Rising Debt levels at Telford and Wrekin Council

Debt is a major concern of local residents and the current Labour Administration is borrowing heavily to invest, whilst investing is usually a positive thing, taking on excessive long term debt is not.  This is an area we in the Conservative and Labour disagree strongly on.

Debt at the end of the last Conservative Council and around the time of Labour’s 100 Day budget stood at approx £90m it is now approx £270m so a very considerable increase over the last 8 years.

Interest rates in the UK have been very low, unusally low, whilst there is talk of a new normal for interest rates and rates may be lower for the foreesable future than we were used to in the 1980’s and 1990’s they are going to rise and when they do the £270m the Council owes will become more expensive to borrow.  Now T&W has a mix of shortterm spot rate debt and longer term fixed rates, but these rates and debts mature and will in the future need re-financing.

This is the area we are most concerned about, whilst interest on the current debt levels account for around 8.2% of the net Revenue Budget, this will rise as interest rates rise, meaning a growing future squeeze on Revenue budgets.

Here is an extract from Telford and Wrekins most recent Council Treasury report.

“Following discussion with the Council’s external treasury advisors, Arlingclose, we have started to lock into some fixed term borrowing during 2018/19 to reduce the exposure to future interest rate increases which are now predicted.  It should be noted that the Council’s budget for 2018/19 and proposals issued for consultation in January 2019 for 2019/20 include allowance for locking in all anticipated financing requirement at fixed interest rates that are higher than current PWLB rates for any duration (from 1 year to 50 years) which ensures that the Council’s budget in relation to Treasury Management is robust.   The Council is very well placed to lock in to longer term fixed rates.  The Council will continue to receive regular advice from Arlingclose who are a firm of expert advisors specialising in all aspects of local government treasury management and we act in accordance with the advice received.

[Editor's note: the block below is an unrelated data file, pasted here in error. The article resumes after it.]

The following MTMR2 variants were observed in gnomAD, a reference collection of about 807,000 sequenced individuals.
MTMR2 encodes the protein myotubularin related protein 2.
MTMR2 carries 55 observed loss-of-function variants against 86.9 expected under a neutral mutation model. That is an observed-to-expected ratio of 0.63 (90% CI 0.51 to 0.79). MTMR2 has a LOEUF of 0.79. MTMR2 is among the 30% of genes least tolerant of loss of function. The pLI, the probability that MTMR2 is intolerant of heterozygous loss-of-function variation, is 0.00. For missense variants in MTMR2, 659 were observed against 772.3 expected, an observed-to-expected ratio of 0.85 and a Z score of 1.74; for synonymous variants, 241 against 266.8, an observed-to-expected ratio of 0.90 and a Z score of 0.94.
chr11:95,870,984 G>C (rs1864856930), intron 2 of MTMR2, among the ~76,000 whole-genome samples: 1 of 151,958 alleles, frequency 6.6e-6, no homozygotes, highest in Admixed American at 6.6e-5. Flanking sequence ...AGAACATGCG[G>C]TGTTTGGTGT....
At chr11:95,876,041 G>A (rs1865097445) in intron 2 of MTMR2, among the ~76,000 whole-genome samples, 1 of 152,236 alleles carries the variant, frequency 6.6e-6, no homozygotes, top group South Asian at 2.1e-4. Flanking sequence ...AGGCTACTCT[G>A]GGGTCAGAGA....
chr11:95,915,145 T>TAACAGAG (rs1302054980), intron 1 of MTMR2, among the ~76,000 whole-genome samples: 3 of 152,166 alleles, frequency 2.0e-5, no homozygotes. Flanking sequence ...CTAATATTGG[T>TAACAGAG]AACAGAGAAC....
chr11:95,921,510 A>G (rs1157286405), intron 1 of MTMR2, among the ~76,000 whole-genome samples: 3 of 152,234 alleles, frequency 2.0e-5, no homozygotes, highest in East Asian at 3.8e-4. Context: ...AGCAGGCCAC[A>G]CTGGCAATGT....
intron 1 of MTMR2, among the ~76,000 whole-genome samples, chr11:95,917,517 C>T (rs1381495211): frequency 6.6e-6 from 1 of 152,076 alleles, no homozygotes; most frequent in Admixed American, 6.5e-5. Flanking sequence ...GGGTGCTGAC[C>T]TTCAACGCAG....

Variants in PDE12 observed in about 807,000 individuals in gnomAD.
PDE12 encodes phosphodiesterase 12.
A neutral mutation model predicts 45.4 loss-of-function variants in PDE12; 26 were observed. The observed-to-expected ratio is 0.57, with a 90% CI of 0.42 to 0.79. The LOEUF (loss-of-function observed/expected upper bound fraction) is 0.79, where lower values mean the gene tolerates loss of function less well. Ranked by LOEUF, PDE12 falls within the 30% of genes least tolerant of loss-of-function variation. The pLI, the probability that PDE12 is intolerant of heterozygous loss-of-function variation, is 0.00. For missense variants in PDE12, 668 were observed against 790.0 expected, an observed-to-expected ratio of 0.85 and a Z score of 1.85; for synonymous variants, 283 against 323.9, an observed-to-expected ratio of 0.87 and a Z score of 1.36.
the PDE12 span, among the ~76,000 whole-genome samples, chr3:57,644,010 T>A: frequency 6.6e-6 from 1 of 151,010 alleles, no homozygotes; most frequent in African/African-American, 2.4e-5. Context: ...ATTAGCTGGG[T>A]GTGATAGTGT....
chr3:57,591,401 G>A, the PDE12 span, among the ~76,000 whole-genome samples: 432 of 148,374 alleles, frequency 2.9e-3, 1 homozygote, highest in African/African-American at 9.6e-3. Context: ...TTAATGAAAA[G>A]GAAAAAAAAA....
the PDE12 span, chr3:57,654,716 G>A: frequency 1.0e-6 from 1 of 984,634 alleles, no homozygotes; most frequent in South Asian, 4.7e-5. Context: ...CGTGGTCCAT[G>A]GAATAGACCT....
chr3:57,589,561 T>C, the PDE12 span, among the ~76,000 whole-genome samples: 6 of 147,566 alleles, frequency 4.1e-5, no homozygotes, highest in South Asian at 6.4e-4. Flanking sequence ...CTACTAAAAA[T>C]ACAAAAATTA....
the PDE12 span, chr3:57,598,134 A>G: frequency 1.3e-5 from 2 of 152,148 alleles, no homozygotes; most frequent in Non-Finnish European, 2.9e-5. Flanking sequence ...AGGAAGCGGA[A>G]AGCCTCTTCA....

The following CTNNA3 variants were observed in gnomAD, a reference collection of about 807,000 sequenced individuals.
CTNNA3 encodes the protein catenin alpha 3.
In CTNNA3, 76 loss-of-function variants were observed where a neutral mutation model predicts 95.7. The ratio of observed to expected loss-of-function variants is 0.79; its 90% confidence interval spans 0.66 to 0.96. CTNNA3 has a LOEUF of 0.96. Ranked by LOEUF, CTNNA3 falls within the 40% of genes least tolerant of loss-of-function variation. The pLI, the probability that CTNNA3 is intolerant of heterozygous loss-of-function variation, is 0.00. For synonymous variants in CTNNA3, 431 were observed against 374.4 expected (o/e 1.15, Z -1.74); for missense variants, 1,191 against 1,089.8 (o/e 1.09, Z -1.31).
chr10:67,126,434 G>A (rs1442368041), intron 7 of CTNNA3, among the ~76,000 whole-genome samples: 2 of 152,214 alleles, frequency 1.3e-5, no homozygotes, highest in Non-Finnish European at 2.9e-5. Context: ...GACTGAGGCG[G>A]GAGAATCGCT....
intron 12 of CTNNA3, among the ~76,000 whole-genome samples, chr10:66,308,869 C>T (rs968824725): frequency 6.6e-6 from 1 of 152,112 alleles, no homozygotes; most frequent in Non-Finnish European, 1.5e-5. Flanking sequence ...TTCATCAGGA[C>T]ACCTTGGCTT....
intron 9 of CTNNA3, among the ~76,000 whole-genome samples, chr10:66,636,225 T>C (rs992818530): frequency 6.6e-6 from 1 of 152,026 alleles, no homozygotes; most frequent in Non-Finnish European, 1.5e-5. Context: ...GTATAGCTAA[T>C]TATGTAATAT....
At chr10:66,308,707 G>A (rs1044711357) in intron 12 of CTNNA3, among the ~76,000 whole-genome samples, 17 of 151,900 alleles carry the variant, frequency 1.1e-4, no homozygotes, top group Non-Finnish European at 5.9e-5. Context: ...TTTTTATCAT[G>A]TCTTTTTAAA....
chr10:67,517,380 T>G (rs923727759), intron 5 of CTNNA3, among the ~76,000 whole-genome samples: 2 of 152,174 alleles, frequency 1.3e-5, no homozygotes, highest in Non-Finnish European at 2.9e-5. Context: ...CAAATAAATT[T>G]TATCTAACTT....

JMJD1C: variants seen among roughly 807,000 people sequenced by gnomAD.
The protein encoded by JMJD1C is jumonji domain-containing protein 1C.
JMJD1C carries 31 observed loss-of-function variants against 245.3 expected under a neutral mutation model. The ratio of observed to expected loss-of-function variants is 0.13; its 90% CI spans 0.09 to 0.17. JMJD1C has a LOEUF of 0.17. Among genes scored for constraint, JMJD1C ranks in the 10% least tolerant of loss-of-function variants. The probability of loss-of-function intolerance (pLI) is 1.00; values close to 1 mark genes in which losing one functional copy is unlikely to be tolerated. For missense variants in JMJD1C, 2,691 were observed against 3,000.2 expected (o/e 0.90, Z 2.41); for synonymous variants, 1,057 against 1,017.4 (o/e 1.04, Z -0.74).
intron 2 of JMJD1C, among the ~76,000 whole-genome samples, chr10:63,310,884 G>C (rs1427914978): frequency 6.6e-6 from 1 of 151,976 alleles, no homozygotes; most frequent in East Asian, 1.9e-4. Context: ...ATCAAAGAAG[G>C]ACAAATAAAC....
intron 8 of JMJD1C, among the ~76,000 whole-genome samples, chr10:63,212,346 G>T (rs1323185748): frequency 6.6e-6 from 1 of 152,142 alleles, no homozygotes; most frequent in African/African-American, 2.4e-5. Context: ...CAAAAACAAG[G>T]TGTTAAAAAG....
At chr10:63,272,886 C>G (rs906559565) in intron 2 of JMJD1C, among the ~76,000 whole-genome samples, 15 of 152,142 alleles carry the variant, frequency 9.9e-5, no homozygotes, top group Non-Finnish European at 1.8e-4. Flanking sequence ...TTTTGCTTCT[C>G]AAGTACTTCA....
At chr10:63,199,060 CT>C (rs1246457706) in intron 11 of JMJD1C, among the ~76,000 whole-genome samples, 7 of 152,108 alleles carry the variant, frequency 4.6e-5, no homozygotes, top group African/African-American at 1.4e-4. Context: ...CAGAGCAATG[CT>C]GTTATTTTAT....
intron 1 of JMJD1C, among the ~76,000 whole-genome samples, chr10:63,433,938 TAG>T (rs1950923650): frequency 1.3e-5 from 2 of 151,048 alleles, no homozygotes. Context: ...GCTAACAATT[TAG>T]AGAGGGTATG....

The report also sets out expected external financing requirements.  We have an excellent track record of complying with all the prudential indicators and limits agreed by Council and are operating well within the overall approved credit ceiling.  The proportion of the Council’s net revenue budget used to service loan repayment is 8.2% in the current financial year.  This compares to 9.5% for the average unitary authority. The Council has increased its external financing requirements in recent years as it follows a more commercial approach.  This has included investment in NuPlace which provides high quality homes for rent from a reliable landlord, mainly at market rent levels and an expansion of the Property Investment Portfolio.  These investments are expected to bring long term capital growth which will strengthen the Council’s balance sheet as well as generating revenue returns well in excess of the associated loan repayment charges.  They will also bring other direct and indirect financial and other benefits to the residents of the Borough including additional income from council tax, business rates and new homes bonus, as well as protecting and creating jobs for local people.  The Council’s solar farm generates an index linked surplus of around £200k pa the surplus is used to help support front line services.

This report and the Prudential Indicators report, which will be considered by Full Council on 28 February, set out our overall approach to treasury management and the controls that are put in place to ensure that council taxpayers’ interests are protected and risks are managed as effectively as possible.”


As you can see whilst 8.2% appears reasonable compared to 9.5% for other authorities that doesn’t mean it is a good idea, and many of us remember when the Building Societies got their freedom to borrow, they heavily expanded their balance sheets and guess what they all with some notable exceptions ended up going bust!  Of course that is not going to happen with a Local Government area such as Telford and Wrekin but if the going gets touch, then the Council tax and Business rates will get going even higher and future services will have to be reduced to offset the rising cost of debt.

This is the area we feel Labour are overlooking, Telford is naturally becoming more of a Conservative Borough but this future will include a large legacy debt which be a burden on us all and for our Children for generations to come.

Labour always put forward the debate in the form of what Investment would you not undertake, the answer is not always a choice, as some things can be done then passed over to the Private sectors, so the Solar Farm if sold would still exist and generate cleaner energy but the funds from a disposal could be used to clear down debt.

If elected on 2nd May 2019 we commit to producing a 100 day budget and will set about changing the direction of the Council.


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